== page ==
Andaz Hotel Amsterdam


An attitude of near imbecility slowly creeps across and clouds The Old Bookworm’s visage. The appearance of pained concentration – as if he’s trying to work out the sum of 764 divided by 13.5 – is, I have come to realise over the years, not the cause for alarm I had once assumed it must be. Rather, it is the Bookworm’s rather endearingly studied attempt at conveying a sort of high brow, intellectual enrapture. Reader, I own I had expected it; we were, after all standing in a former public library, re-opened last year as the Andaz, Amsterdam’s most swish and stellar new hotel in a prime spot between the Prinsengracht and the Keizersgracht canals. The Old Bookworm was trying silently to communicate, dear thing, that he felt he had come home.


Wishing to shake him out of this particular affectation, I briskly herded him towards the lift and up to our room for a splash of cold water to the face and a few words of brusque no-nonsense. It was to no avail, for the glass elevators at The Andaz did little to quell his excitement. The books that appear to be its wallpaper give way – as the lift makes its ascent – to a series of extraordinary hanging sculptures that light up as you go, while the reception stands at the hotel’s impressive entrance take on the appearance of vast hanging white bells when seen from above.

The rooms, meanwhile, come complete not only with spectacular views over the canal below, complimentary mini bars, an edited collection of books and sublimely comfortable beds, but also with be-wallpapered loos featuring quotes from some the antique texts once housed under this roof, extravagantly sweeping floor lamps, cocoon-like armchairs and a huge surrealist cut-out of a fish transforming into a spoon which hangs over the bed. But then, this is the vision of Moooi co-founder and design magazine darling Marcel Wanders – upon the learning of which The Bookworm noted: “And he certainly has created a Wandersland” – before looking very pleased with himself indeed.

AMSAZ_Canal View King 02

I can’t deny that The Old Bookworm has a point, even in his absurdity. The Andaz is all easy charm – its staff are perennially smiley and helpful – and outlandish, witty style (there are whimsical allusions to Dutch heroes galore). Check-in is dealt with over an iPad and a drink on the sofa; in the early evening there is an annexe where guests can help themselves to complimentary wine before dinner. This is a hotel that knows how to do things properly.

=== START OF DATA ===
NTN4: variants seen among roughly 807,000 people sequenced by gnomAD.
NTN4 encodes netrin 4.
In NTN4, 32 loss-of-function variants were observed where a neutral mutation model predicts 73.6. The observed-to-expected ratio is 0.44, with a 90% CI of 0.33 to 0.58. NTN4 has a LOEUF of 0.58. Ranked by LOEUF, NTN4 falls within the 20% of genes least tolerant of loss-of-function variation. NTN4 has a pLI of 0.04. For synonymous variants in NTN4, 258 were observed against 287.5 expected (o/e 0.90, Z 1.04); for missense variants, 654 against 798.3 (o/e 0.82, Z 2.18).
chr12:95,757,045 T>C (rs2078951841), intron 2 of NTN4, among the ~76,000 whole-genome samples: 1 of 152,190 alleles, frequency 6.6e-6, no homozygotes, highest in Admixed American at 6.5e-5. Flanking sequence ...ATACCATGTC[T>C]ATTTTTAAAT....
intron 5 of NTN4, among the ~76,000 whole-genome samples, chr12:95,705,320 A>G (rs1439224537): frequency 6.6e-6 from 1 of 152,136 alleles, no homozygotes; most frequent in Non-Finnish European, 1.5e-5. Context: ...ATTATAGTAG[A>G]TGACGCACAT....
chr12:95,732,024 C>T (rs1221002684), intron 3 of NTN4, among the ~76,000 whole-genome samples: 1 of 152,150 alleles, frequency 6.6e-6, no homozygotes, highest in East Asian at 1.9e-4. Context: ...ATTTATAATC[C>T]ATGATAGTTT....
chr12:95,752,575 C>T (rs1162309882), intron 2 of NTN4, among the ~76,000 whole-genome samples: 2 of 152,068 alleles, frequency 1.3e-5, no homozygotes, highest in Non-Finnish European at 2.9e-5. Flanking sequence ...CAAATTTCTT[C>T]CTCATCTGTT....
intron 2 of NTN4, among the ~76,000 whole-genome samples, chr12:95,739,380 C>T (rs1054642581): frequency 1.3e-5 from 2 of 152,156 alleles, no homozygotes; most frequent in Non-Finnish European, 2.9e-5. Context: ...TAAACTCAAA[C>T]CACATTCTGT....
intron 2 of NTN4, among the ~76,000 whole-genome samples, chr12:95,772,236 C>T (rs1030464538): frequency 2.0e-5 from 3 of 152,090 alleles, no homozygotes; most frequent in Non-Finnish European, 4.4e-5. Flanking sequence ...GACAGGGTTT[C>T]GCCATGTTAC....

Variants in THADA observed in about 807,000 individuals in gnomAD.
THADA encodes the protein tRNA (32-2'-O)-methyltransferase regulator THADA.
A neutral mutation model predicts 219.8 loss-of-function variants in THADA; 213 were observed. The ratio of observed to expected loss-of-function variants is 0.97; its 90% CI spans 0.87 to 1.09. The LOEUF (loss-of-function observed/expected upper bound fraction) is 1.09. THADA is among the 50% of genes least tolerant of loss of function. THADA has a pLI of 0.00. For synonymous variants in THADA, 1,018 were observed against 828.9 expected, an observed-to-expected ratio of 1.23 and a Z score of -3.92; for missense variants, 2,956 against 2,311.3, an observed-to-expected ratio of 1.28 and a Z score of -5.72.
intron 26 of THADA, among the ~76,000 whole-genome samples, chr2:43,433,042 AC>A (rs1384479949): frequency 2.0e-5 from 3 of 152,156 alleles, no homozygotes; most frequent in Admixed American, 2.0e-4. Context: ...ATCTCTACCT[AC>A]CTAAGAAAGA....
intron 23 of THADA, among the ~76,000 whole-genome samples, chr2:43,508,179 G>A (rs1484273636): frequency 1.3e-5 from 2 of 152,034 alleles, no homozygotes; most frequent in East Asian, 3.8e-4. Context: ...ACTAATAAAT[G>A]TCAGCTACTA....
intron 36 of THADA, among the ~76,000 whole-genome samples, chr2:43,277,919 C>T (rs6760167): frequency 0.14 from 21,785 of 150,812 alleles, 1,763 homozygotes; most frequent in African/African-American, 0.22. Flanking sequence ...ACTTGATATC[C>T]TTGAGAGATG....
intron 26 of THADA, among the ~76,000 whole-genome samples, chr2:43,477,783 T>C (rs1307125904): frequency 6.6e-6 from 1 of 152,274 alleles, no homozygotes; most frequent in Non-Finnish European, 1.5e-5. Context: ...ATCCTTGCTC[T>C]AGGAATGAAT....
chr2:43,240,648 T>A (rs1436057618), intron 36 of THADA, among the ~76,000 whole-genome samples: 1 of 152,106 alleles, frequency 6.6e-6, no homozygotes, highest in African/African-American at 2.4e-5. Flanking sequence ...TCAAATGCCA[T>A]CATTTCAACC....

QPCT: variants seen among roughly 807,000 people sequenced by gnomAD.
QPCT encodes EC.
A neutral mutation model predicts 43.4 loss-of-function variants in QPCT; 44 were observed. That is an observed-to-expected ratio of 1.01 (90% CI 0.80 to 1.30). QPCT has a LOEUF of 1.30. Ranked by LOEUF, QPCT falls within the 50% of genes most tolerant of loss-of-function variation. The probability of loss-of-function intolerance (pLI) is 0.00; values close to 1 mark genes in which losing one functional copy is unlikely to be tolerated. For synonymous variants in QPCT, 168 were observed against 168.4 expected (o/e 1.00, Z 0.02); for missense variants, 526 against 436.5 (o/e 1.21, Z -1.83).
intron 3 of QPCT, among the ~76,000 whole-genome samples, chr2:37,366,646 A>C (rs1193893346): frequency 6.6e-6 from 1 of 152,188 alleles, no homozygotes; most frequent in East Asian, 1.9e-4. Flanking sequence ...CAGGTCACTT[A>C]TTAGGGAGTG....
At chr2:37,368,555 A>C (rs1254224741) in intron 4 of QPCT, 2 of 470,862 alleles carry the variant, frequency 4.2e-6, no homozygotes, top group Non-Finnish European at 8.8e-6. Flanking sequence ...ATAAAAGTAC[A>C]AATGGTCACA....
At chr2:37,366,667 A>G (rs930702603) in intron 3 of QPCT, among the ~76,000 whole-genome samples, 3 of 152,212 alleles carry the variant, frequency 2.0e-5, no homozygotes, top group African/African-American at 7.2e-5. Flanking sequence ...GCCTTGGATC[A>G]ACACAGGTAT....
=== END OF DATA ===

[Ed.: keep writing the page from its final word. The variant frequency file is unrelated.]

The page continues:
Wondering whether the Bookworm’s more pronounced-than-ever silliness might be down to the lingering effect of the flight and an empty stomach, I shepherded him to dinner at the hotel’s Bluespoon restaurant, where we take our pew just a metre or so away from the open kitchen where the unflappable chefs – under the tutelage of Swiss Julien Piquet – busily knock up our knock-out dishes. Having greedily devoured our way through some spectacular home-baked bread with salted butter, we both opt for a light salad of courgette flowers which is artfully executed, its flavours as dainty as its presentation. But not for long could the Bookworm – who is, you see, an old school, napkin-tucked-into-his-collar nursery style sort of chap – be denied his pound of flesh.

AMSAZ_Prinsengracht Suite_Bathroom 04

His wolfed down steak tartare which was judged a triumph (or at least his satisfied grunts indicated so; it was all I could do to stop him picking up the plate and licking it clean. Reader, I ask you…) Anyone else might have been replete after such a hearty repast, but the Bookworm’s eyes have rarely been more alight with excitement than when he spied the enormous bowl of chocolate mousse being brought over towards our table – until, that was, the crashing disappointment at the realisation that the entirety of the bowl was not destined solely for his gullet.

Feeling refreshed the next day, I suggested we take up the city’s traditional mode of transport by borrowing one of the hotel’s bicycles. Reader, it was not to be. The Bookworm could barely cross the road in the face of so many cyclists without having a panic-induced fit, let alone join them. And so to settle both of our nerves (his cyclist-related, mine Bookworm-related) we decided on a swift half pint at the excellent Café Gollem before a spot of culture. To this end, we made for the Rijksmuseum, which has reopened after a decade-long refurbishment. It boasts a formidable assembly of world-class art, most notably Rembrandt’s The Night Watch, but being a simple creature, The Bookworm mostly enjoyed the display of 17th-century Dutch drinking horns, his fun mostly derived from deciding which of the merrymakers depicted in the accompanying paintings of old soaks he most resembled (in too many cases the similarities were uncanny).

All this art admiration is thirsty work, and so we headed to one of the city’s trendiest restaurants, Lion Noir, where we had a sumptuous dinner that disproved that the old adage about Dutch cuisine being tired and potato-laden. Reader, we shall be back.

AMSAZ_Bluespoon Restaurant

As the bookworm and I sauntered down one of the city’s many canals (and I resisted the urge to push him in), we heard a gentle sound. A musical, faintly discordant noise, I wondered what it was. Perhaps it was the faint hum of Amsterdam’s red light district in full swing, or maybe it was the distant echo of a barge, carrying its precious cargo around the towering gables of the houses around. And then I realised it was the silly old bookworm’s stomach rumbling and had to have words with the foolish boy again.

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